Dale Watson

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Posted May 30, 2007 by Listen Up in Music

About 10 years ago, at a Texas Music festival that featured a dozen bands, the musical group that interested me most was Shaver — back when Billy Joe’s son, Eddy, was playing all those tasty chops on guitar.

However, the act that stole the show was Dale Watson, a retro-country music singer with a skinny frame, greased-back 1950s pompadour, pearl-snap shirt with the sleeves cut off, tattooed arms, a battered Telecaster, and a deep baritone voice reminiscent of Johnny Bush. His honkytonk vibe was so intense that even old hippies in sandals and cut-offs couldn’t help but begin two-stepping in a grassy field. So imagine the boot scootin’ that’s going to happen this Saturday when Watson and his band visit one of the oldest and most authentic dancehalls around. He’s touring on the heels of two recent albums, including the controversial Little Darlin’ Sessions, which Watson has denounced. The project sounded like a dream — Watson playing timeless tunes originally released on the Little Darlin’ label way back in the day (a young Johnny Paycheck was the label’s biggest artist).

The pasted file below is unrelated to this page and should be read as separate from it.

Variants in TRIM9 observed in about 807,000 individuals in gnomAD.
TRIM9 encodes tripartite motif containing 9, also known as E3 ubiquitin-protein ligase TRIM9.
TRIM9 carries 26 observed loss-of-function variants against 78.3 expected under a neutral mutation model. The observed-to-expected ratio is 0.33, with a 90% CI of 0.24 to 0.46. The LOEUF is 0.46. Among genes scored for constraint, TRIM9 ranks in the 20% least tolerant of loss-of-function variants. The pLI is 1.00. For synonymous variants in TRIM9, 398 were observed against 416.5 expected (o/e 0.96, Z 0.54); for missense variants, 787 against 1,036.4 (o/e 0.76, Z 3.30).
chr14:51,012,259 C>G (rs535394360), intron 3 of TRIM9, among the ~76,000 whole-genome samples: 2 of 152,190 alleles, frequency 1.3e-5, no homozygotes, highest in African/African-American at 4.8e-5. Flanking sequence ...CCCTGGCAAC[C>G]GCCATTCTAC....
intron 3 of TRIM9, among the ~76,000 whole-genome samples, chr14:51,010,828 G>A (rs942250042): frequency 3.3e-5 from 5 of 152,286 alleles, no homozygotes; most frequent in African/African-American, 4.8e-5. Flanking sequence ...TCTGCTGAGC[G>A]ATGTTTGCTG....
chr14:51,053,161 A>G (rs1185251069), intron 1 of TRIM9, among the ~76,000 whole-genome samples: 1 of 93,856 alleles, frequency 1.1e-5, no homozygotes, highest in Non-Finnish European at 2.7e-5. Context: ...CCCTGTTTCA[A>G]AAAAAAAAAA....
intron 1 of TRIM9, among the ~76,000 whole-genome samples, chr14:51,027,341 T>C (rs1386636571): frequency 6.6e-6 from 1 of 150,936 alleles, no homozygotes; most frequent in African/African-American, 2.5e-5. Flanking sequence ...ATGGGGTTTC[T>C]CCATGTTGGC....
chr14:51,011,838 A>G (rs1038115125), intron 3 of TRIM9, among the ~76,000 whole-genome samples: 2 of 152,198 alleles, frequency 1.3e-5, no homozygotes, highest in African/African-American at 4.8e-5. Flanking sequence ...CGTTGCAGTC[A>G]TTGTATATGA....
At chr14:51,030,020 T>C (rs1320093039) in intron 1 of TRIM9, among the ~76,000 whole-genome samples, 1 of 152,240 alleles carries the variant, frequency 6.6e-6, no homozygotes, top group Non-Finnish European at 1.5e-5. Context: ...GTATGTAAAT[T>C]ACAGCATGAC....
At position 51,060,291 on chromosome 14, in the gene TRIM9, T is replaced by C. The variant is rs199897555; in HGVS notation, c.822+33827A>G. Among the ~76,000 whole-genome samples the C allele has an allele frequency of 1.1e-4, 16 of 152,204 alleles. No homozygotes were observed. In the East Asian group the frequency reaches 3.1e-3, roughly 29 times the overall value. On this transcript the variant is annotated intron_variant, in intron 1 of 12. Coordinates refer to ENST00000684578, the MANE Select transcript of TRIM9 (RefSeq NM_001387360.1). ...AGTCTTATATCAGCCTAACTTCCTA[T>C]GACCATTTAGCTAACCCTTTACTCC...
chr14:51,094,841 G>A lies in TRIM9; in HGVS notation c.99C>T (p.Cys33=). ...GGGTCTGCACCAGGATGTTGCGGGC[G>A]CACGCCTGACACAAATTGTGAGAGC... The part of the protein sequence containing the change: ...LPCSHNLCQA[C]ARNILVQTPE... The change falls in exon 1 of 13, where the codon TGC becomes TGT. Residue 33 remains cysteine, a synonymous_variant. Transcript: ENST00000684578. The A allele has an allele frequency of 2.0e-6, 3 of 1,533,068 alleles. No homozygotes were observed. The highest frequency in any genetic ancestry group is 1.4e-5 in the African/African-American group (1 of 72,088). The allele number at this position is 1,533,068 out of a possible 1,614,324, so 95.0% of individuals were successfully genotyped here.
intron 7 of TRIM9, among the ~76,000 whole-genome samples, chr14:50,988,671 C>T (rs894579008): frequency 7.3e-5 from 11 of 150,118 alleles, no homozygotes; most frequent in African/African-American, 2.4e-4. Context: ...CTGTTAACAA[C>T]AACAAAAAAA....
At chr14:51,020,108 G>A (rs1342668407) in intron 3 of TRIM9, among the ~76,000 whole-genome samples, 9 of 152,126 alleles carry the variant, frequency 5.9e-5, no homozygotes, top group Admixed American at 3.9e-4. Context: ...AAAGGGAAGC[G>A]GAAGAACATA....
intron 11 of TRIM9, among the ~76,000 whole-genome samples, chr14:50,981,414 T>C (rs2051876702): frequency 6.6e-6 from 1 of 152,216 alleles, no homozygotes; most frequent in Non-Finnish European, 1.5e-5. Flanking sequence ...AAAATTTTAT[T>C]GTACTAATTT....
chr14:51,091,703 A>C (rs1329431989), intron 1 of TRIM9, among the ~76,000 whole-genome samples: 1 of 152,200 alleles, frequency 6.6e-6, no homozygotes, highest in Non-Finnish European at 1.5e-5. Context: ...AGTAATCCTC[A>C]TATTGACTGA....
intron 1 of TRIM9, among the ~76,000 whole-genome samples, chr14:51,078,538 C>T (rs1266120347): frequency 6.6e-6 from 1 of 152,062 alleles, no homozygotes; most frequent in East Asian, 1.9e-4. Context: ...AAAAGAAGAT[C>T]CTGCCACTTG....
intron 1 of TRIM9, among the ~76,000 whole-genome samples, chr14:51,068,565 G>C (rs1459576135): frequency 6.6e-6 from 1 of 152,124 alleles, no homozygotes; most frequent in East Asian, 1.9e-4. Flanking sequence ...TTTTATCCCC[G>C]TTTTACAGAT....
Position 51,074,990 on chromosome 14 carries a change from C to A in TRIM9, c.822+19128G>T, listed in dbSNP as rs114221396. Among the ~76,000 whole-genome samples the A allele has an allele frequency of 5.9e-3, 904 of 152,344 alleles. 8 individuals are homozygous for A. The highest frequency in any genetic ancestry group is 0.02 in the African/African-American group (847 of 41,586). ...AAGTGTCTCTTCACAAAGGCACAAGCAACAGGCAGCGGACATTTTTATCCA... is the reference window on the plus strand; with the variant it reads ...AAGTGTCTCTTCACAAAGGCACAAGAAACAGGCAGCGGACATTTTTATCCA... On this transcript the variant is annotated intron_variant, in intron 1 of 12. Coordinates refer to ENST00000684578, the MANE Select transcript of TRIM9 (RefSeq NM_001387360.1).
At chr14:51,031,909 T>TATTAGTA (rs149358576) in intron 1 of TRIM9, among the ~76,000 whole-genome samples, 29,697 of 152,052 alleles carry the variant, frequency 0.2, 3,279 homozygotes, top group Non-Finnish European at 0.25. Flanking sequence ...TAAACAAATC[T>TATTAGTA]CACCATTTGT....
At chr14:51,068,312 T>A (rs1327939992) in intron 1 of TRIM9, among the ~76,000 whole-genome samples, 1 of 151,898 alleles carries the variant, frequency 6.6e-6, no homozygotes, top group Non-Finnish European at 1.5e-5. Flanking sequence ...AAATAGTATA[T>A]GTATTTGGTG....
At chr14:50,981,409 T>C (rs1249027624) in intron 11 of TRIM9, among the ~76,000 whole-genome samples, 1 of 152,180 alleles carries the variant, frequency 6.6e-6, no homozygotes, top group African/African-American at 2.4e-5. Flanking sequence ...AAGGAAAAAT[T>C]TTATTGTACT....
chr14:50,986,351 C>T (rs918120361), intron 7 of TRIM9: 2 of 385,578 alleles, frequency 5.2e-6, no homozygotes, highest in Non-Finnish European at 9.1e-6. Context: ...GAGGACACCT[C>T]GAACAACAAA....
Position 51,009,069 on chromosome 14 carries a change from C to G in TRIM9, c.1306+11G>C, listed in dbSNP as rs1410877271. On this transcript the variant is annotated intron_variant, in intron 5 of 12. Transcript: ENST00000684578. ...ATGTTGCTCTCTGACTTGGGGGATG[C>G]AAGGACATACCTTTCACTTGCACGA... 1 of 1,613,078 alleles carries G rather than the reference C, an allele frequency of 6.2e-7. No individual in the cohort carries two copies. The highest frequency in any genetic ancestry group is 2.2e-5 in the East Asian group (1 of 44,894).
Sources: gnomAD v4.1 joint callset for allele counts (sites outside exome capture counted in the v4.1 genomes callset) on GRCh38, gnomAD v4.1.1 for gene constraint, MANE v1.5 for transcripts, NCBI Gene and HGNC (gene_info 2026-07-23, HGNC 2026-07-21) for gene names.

Label founder Aubrey Mayhew came out of retirement to produce it, and veteran players such as Lloyd Green and Hargus “Pig” Robbins were recruited. But something went awry. Watson hated the production (or lack thereof) and complained about the result on his web site recently, describing the album as a glorified demo of “unfinished roughs” and equivalent “to me doing karaoke.” He is protesting its release. The production is spare, the mix quirky, the vocals unadorned, and the musicians ended up laying down tracks in one take without a chance to correct mistakes. Still, Sessions is a helluva fun ride. The songs are classic honkytonk, and the half-assed production adds to the project’s rough-and-tumble feel. A drunkard hits bottom on “The Pint of No Return.” A cuckold gets even after meeting the man boinking his wife in “He Thought He’d Die Laughing (and He Did).” A reformed boozer finds peace in “I Don’t Need A Bottle,” which includes these lines directed at his Mama: “Lord knows she’d be so proud / Because I don’t need a bottle to sleep like a baby now.” A Watson fan said it best in a recent documentary: “Son, you play country like country was when country was country.” Sat at Stagecoach Ballroom, 2516 E Belknap St, FW. $10. 817-831-2261.-Jeff Prince

 


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